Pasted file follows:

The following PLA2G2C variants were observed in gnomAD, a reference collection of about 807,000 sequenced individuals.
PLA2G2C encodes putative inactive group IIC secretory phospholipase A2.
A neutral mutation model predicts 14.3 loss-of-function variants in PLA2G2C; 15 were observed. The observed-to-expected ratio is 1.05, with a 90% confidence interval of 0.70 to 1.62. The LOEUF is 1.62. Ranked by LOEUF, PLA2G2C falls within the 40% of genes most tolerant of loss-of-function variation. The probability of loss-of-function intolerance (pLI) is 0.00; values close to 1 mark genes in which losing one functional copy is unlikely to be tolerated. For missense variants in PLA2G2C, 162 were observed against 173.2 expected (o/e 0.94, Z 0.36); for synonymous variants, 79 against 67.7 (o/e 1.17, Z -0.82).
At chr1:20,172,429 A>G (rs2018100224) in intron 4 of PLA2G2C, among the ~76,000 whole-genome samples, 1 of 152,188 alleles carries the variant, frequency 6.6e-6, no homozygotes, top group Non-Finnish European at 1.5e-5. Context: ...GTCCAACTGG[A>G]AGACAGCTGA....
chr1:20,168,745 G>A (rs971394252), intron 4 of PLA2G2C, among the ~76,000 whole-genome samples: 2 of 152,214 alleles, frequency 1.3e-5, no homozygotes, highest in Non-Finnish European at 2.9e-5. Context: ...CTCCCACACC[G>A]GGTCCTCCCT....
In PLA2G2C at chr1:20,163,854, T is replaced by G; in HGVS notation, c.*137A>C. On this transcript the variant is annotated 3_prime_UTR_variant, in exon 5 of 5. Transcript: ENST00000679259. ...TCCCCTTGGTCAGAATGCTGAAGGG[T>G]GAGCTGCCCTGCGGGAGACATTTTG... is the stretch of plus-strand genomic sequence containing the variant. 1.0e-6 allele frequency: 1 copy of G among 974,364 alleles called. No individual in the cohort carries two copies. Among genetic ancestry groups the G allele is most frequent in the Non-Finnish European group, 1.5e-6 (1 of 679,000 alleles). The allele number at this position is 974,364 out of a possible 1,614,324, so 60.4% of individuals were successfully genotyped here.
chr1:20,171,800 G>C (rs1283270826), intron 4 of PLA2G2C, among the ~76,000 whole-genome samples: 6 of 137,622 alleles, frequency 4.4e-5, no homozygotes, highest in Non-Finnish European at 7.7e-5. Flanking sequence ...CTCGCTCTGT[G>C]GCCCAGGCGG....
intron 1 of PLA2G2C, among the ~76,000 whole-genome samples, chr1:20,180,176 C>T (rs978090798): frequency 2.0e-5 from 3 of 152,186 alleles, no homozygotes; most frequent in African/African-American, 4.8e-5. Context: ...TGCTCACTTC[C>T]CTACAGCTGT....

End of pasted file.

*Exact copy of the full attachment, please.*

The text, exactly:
The following PLA2G2C variants were observed in gnomAD, a reference collection of about 807,000 sequenced individuals.
PLA2G2C encodes putative inactive group IIC secretory phospholipase A2.
A neutral mutation model predicts 14.3 loss-of-function variants in PLA2G2C; 15 were observed. The observed-to-expected ratio is 1.05, with a 90% confidence interval of 0.70 to 1.62. The LOEUF is 1.62. Ranked by LOEUF, PLA2G2C falls within the 40% of genes most tolerant of loss-of-function variation. The probability of loss-of-function intolerance (pLI) is 0.00; values close to 1 mark genes in which losing one functional copy is unlikely to be tolerated. For missense variants in PLA2G2C, 162 were observed against 173.2 expected (o/e 0.94, Z 0.36); for synonymous variants, 79 against 67.7 (o/e 1.17, Z -0.82).
At chr1:20,172,429 A>G (rs2018100224) in intron 4 of PLA2G2C, among the ~76,000 whole-genome samples, 1 of 152,188 alleles carries the variant, frequency 6.6e-6, no homozygotes, top group Non-Finnish European at 1.5e-5. Context: ...GTCCAACTGG[A>G]AGACAGCTGA....
chr1:20,168,745 G>A (rs971394252), intron 4 of PLA2G2C, among the ~76,000 whole-genome samples: 2 of 152,214 alleles, frequency 1.3e-5, no homozygotes, highest in Non-Finnish European at 2.9e-5. Context: ...CTCCCACACC[G>A]GGTCCTCCCT....
In PLA2G2C at chr1:20,163,854, T is replaced by G; in HGVS notation, c.*137A>C. On this transcript the variant is annotated 3_prime_UTR_variant, in exon 5 of 5. Transcript: ENST00000679259. ...TCCCCTTGGTCAGAATGCTGAAGGG[T>G]GAGCTGCCCTGCGGGAGACATTTTG... is the stretch of plus-strand genomic sequence containing the variant. 1.0e-6 allele frequency: 1 copy of G among 974,364 alleles called. No individual in the cohort carries two copies. Among genetic ancestry groups the G allele is most frequent in the Non-Finnish European group, 1.5e-6 (1 of 679,000 alleles). The allele number at this position is 974,364 out of a possible 1,614,324, so 60.4% of individuals were successfully genotyped here.
chr1:20,171,800 G>C (rs1283270826), intron 4 of PLA2G2C, among the ~76,000 whole-genome samples: 6 of 137,622 alleles, frequency 4.4e-5, no homozygotes, highest in Non-Finnish European at 7.7e-5. Flanking sequence ...CTCGCTCTGT[G>C]GCCCAGGCGG....
intron 1 of PLA2G2C, among the ~76,000 whole-genome samples, chr1:20,180,176 C>T (rs978090798): frequency 2.0e-5 from 3 of 152,186 alleles, no homozygotes; most frequent in African/African-American, 4.8e-5. Context: ...TGCTCACTTC[C>T]CTACAGCTGT....